The federal government can save $17 billion on IT costs when it looks to upgrade its networks by adopting a handful of straightforward measures, particularly by ending the practice of specifying “brand name or equal” in acquisitions.
So said Anthony Robbins, vice president of Brocade Federal, at the Federal Forum last month.
“Get yourself to where you design your network for multiple vendors,” he told the audience. “If you do that, there’s an opportunity for 25 percent savings.”
Robbins also advocated for putting an end to acquisitions that require proprietary hardware and protocols, calling for federal procurements to embrace open standards.
If agencies would do that, “You will have created [the structure] to introduce software-defined networks,” he said. “And software-defined networks will be to system architecture what virtualization was to data centers.”
In an interview after his speech, Robbins elaborated on his remarks.
“The network infrastructure that supports the federal government was designed 20 years ago, put in place 15 years ago – it’s just a big outdated road system,” Robbins said.
He’s comfortable with the $17 billion savings estimate. Brocade undertook its own research to identify potential cost savings the government could realize as it upgrades its IT infrastructure, then ran its findings through Gartner’s model for multivendor networks to confirm the savings could be achieved, Robbins said.
“We documented what customers would have to go through to get to those savings. Then we gave [our findings] to an external research firm and said, ‘Go vet this information. Here’s our data, here’s Gartner’s,’” he said. “They interviewed 208 government employees who identified even more savings.”
Robbins also urged the government to expand the use of “X-as-a-service” models, applying it to networks.
“One of the things gaining the most amount of attention right now [is] the mechanism to acquire network infrastructure, the way the government can rent network infrastructure,” he said. “It touches the acquisition community [but] it doesn’t change the system. It’s demonstrated an ability to save a ton of money.”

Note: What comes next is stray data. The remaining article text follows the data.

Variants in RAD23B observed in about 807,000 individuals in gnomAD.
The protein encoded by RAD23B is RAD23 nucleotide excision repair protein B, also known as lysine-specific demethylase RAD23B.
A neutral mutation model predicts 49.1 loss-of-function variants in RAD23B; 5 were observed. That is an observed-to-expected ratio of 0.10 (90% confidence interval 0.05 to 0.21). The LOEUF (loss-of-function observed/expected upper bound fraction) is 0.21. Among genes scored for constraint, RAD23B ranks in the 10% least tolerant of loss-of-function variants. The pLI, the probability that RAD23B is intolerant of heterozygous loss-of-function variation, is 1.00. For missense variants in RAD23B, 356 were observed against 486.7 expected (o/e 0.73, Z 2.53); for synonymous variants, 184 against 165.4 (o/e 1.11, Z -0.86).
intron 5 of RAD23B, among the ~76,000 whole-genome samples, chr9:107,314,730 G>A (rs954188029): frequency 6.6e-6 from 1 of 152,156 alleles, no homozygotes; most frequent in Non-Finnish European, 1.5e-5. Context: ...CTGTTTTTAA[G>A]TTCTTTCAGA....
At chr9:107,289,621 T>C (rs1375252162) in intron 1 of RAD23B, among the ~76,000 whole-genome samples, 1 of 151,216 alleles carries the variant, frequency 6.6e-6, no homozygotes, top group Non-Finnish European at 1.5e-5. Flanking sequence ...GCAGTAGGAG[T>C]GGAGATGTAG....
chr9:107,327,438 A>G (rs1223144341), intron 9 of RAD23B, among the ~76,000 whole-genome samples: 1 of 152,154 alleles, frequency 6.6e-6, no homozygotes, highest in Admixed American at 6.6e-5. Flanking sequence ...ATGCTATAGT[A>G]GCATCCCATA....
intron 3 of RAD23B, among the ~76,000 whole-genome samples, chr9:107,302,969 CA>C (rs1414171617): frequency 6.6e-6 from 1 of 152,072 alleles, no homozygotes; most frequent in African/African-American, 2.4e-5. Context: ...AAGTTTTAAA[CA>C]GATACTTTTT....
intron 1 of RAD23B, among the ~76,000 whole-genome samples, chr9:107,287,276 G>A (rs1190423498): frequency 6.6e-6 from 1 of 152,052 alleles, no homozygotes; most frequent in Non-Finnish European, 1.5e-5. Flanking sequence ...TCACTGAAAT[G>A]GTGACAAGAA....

Robbins cited FEMA’s need to ramp up in a specific location after a disaster as a perfect example of how the agency can expand network capabilities for a brief time. “As they got to the end point, where they had successfully managed their response to the natural disaster, they could shut down the network, as opposed to giving someone $5 to $10 million to acquire capital equipment.”
He said being able to rent can also help an agency or office that is planning a move to a new building but needs upgraded capabilities in the interim.
The push to upgrade government networks – affordably – is going to become even more critical as data generation proliferates. What’s called “Big Data” today is going to be dwarfed by what’s coming.
“The ‘Big Data’ that we have today was created by people interaction. Tomorrow’s data is going to be created by sensors – you’re going to have devices in buildings, cars, streets, warehouses,” Robbins said. “So where the world’s data was restricted in its ability to grow because of the people interface, tomorrow’s data is not. All of this stuff has to sit on some network that moves the data.
“The network is going to be the enabler of the IT enterprise of tomorrow. It’s the bottleneck right now,” he said.